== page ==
general categories of insecticides. All have insecticides, and is relatively new on the cause liver toxicity, thyroid lesions (cancer), block; it was introduced in 1994. Labora- damage to the kidneys, increased cholesterol imidacloprid (a chloro-nicotinyl insecti- tory testing on mice, dogs, and rats, indi- levels, alterations in thyroid hormones, in- cide), fipronil (a phenylprazole insecticide), cates that this insecticide can be neurotoxic coordination, labored breathing, increased and permethrin (a synthetic broad spectrum to laboratory animals, causing incoordina- miscarriages, and smaller offspring.
20 | FEBRUARY 2002 Copyright 2002, Belvoir Publications, Inc.
could smell it on their breath in a matter of Learning to Read the Label
minutes following the application.” Blake stated that this indication of immediate ab- sorption did not tally with what he had been led to believe by reading Bayer’s literature.
He continues to question its safety for his Neurological health effects
Logic tells us that a topical chemical that is
not absorbed into the skin has no chance of
causing neurotoxic effects. Then why do the
Material Data Safety Sheets (MSDSs) for
all the permethrin-containing pesticides rec-
ommend preventing their products from hav-
ing prolonged contact with the skin? And
why do they all state that skin sensations,
such as “numbness and tingling,” can oc-
cur? Schering-Plough’s MSDS makes an ad-
ditional statement about its Defend EXspot
through the skin and harmful following in- halation,” causing headaches, dizziness, and cent of the ingredients in Advantage, but itsMSDS does warn us to “use a respirator for companies’ literature describes in vague and organic vapors” in order to avoid “respira- tions, Dr. Virginia Dobozy of the EPA’s Pes- contradictory detail how the chemicals don’t tory tract irritation and other symptoms such ticide Division states that “this is a persis- go beyond the hair follicles and fat layers of tent chemical that has the potential for ner- nervous system exposure). Bayer’s promo- vous system and thyroid toxicity after long tional literature for Advantage, however, lished on Merial’s Web site for Frontline states that “studies prove that using 20-24 Permethrin, a synthetic broad spectrum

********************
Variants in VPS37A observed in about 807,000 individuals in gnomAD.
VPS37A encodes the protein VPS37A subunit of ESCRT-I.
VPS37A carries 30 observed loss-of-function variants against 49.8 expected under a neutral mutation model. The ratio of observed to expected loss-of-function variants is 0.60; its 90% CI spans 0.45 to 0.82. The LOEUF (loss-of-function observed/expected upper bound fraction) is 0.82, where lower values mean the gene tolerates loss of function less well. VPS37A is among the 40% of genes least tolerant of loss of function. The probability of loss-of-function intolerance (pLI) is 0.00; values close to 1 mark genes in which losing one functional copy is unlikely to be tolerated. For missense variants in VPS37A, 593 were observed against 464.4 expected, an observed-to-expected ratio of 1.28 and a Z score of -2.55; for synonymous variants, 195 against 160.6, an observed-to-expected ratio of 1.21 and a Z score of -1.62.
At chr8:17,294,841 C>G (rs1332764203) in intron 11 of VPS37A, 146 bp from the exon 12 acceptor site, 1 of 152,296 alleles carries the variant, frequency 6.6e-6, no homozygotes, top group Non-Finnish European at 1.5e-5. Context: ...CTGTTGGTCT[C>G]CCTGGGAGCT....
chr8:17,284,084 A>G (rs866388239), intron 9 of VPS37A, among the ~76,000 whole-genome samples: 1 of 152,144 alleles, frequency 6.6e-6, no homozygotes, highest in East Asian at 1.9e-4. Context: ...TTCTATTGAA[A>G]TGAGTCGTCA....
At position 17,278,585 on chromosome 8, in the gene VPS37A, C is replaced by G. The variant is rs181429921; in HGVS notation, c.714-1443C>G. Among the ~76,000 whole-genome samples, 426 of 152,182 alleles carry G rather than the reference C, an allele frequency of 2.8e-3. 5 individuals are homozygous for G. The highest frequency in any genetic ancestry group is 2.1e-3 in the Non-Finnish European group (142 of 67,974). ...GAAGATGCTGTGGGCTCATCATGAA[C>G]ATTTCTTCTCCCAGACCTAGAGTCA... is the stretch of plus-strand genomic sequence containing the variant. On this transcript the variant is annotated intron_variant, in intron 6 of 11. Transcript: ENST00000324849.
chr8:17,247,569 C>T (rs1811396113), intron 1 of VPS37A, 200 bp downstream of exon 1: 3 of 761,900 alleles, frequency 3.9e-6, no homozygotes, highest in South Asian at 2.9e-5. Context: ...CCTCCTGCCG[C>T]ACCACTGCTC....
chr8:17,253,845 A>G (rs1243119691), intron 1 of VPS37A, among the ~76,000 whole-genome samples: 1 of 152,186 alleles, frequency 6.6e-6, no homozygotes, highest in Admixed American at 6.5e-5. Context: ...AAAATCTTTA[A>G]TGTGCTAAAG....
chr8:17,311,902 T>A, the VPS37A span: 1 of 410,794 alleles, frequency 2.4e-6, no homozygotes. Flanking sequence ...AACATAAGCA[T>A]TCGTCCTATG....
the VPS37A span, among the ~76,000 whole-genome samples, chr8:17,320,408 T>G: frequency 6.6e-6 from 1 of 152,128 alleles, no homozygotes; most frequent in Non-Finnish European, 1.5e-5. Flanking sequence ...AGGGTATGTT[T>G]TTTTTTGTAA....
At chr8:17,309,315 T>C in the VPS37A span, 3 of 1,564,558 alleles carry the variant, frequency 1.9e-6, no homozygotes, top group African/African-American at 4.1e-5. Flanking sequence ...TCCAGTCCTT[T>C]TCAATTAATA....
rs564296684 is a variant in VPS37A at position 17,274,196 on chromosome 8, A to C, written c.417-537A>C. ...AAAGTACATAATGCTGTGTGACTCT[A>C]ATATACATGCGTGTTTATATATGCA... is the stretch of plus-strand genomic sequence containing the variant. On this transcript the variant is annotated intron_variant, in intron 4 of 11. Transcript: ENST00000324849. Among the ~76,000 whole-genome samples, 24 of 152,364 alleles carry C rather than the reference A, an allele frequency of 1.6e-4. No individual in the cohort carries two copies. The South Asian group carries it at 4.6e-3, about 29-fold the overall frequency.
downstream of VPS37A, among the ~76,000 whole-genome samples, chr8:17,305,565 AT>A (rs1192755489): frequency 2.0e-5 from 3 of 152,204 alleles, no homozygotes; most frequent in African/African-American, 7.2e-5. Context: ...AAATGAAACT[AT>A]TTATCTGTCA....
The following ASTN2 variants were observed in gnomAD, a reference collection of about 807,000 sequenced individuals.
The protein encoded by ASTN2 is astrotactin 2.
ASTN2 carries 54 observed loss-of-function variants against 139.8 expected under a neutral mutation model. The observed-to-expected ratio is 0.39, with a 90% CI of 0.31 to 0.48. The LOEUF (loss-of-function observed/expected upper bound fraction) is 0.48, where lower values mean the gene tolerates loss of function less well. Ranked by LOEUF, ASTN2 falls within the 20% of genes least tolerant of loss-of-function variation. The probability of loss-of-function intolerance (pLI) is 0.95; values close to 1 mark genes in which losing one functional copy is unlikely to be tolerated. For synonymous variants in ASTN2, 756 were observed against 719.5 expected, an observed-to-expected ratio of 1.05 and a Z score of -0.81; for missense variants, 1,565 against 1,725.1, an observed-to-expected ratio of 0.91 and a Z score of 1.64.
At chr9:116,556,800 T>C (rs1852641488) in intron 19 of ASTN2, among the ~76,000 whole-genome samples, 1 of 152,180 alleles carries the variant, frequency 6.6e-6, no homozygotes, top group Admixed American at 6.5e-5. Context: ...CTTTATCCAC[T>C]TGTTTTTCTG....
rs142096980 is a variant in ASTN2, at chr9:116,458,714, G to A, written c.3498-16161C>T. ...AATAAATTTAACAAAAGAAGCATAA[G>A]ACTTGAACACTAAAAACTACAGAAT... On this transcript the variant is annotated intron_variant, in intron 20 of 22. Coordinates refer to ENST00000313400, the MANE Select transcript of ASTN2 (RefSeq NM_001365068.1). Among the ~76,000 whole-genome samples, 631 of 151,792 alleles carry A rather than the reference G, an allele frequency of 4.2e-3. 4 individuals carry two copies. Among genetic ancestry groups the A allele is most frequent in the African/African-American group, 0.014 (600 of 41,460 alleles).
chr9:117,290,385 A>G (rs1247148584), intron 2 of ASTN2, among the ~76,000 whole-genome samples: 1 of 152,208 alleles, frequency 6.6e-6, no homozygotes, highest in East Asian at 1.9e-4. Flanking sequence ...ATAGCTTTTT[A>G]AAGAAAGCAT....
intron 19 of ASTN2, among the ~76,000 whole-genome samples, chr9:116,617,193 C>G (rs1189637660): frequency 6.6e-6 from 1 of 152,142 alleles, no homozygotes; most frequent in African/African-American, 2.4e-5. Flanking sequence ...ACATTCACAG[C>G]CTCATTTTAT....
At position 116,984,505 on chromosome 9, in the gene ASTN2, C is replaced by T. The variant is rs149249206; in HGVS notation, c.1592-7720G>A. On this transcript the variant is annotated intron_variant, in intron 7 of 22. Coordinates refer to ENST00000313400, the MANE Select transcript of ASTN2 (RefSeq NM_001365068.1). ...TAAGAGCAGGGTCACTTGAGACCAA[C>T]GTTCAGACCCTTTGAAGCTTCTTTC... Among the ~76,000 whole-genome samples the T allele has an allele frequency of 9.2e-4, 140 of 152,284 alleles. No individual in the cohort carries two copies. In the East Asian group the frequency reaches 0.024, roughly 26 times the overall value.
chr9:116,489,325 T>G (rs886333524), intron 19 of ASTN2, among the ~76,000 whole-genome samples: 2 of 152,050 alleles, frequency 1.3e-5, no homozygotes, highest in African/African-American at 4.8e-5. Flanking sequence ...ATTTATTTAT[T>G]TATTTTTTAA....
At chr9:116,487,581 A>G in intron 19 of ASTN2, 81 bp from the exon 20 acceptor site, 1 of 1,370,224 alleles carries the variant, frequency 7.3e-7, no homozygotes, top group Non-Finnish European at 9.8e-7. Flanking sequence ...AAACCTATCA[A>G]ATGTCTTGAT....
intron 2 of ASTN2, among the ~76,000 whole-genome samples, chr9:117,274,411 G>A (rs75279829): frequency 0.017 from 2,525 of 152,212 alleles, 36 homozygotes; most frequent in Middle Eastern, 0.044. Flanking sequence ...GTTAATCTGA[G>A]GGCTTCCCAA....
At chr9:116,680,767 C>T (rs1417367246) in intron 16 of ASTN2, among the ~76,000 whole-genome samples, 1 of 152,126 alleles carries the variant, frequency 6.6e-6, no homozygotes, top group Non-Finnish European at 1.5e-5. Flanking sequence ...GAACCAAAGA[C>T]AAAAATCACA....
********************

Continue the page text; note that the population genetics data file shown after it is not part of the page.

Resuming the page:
(“How Frontline Works”). In one place, it times the dosage on dogs and cats does not pyrethroid insecticide, is suspected to be an clearly states that fipronil (Frontline’s “ac- cause any internal or external side effects,” endocrine disrupter and a carcinogenic in- tive” ingredient) is absorbed into the skin and that “. . . switching to Advantage from secticide (causing lung cancer and liver tu- another flea control product poses virtually permethrin products have additional “ac- tive” ingredients in lesser percentages, and the United Kingdom, treated a four-year-old include methoprene, and pyriproxyfen (de- vantage Top Spot treatments. He reported Methoprene and pyriproxyfen are both
insect growth regulators (IGR), which limit clingy, and would not leave her guardian’s the development of juvenile fleas so they parts of the dog’s body – an illogical con- side, yet paced up and down all day, very cannot reproduce. Test results indicate that restlessly. These symptoms persisted for 48 methoprene causes enlarged livers and de- hours before a gradual return to her normal the results of a fipronil metabolism study, state.” The neurotoxic effects were clear to she reported that “significant amounts of ra- induced responses in laboratory animals that dio-labeled fipronil were found [not only] Dr. Blake also finds different results than give cause for alarm. While these new prod- in various organs and fat . . . [but they were the Bayer literature. “We are told that the ucts are suggested as safer than their prede- also] excreted in the urine and feces, and product affects only insects’ nervous sys- cessors, they indicate high levels of acute were present in other parts of the body . . .
tems, not mammals’. Several of my clients and chronic poisoning from short-term use.
Method of action
touched their mouths, their lips became im- Whether or not it is purposeful, manufac- close attention can witness evidence that mediately numb for several hours. So much turers of these spot-on flea products have these products are indeed systemically ab- for not having an effect on the nervous sys- sorbed. Dr. Stephen Blake, a San Diego vet- and animal guardians that these products are erinarian, relates a client’s experience: “We not absorbed into our dogs’ systems. The put Advantage on the backs of our dogs and and abdominal and lumbar pain are associ- TO SUBSCRIBE: www.whole-dog-journal.com Copyright 2002, Belvoir Publications, Inc.
ated with carbitol, one of the “inert” ingre- to animals that are young, old, or suffering dients in Frontline. According to the MSDS, from fipronil product studies, she found that from chronic disease. Animals with a height- carbitol induced these symptoms in labora- Frontline “does not adequately describe the ened sensitivity to chemicals or with expo- severe reactions” reported by veterinarians sures from multiple sources such as a flea Curiously, these potential side effects are – sloughing, “chemical burn” conditions, collar; other dips, sprays, dust, or flea not published in the literature accompany- ing the products, nor do many veterinarians anecdotal reports from veterinarians in the U.S. and the U.K. of dogs who were treated bathing the dogs. That’s strange, signs of neurological damage, such as de- the product remains effective after bathing.